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Brodhead Creek, in Northeast Pennsylvania, is a well-known and productive trout fishery. Its famous waters consist of prolific hatches and mostly stocked trout, but there are some wild trout here too. Going back as early as the 1950s, anglers flocked here to try their luck. In recent years, some areas of the river have become private, but you'll still find miles of public water that make the trip a worthwhile fishing experience.

Below the SR 1002 Bridge down to Analomink, the river is swift with beautiful riffles and runs accompanied by large pools. This stretch is stocked and has nice holdover trout year round. There is parking by the SR 1002 Bridge, which provides some access to this stretch of the river.

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From Analomink south, the river runs straight after a mile-long channel area that was created by some severe floods. The river lacks holding water here, but you'll still find fish. You can access this area from Route 191 and parking along the railroad tracks will help you get to the river. Below the channeled area lie some beautiful pools, stretches of riffles, and runs.
Hatch Chart
The boulders scattered throughout the creek help provide cover for the trout here. Wading can be difficult in this area, so be careful. Felt-bottom wading shoes are preferable here and those with studs will ensure proper footing. The long riffles provide the trout with oxygen as well as a feeling of security. Good-sized fish in the 13- to 17-inch class, are fairly common here.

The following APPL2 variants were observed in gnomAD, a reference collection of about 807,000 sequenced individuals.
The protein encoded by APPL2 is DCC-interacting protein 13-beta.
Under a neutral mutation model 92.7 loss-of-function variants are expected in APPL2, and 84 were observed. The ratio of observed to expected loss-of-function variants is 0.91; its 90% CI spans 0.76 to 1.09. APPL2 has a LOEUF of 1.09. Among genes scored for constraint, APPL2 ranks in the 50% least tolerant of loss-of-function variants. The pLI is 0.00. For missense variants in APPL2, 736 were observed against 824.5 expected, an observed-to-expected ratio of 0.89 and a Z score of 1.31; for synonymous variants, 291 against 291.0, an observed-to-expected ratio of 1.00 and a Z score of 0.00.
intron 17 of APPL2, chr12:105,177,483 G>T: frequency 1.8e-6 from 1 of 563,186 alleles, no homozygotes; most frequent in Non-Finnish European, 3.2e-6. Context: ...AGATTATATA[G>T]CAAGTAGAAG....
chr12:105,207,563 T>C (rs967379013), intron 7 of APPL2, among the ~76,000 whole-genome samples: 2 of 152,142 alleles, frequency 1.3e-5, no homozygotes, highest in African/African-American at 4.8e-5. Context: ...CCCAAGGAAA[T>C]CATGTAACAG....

The area where the Brodhead reaches Stroudsburg is very built up and doesn't attract many anglers. Below East Stroudsburg, the creek begins its journey through a deep gorge, winding through high mountain terrain and descending along its way to the Delaware River. This is a pristine valley where beautiful tree-lined slopes rise up some 200 feet from the creek. Fast rapids, interrupted by large pools, make this a good stretch to fish and add much-needed oxygen to the water. You can gain access by parking in a couple of different places underneath Route 80 and walking down to the river. On the lower stretches of river, water temperatures get fairly high during the summer months, but the influence of a few cold feeders keeps it fairly cool and hold over fish most of the year.

A floating and sinking line will help you fish this diverse river. Early season in higher water, a sinking line with a short leader for streamer fishing will help you get down into some of the deeper pools. Olive or black Woolly Buggers produce, as well as Sculpin and Matuka patterns. Fishing with nymphs in the heads of pools early in the morning also works well. Look for tight, deep seams, formed from the boulders scattered throughout the river, to drift a large Stonefly nymph behind. Hatches on the Brodhead are prolific and here you'll also find a good number of the Mayflies usually found on the East Coast. Hendricksons, Blue Quills, Gray Fox, and Cahills are some of the bugs that hatch on this river. Terrestrials and Caddis are a must later in the year, so try to carry well-stocked fly boxes.

The next time your near the Delaware Water Gap, be sure to stop by the Brodhead and give it a try.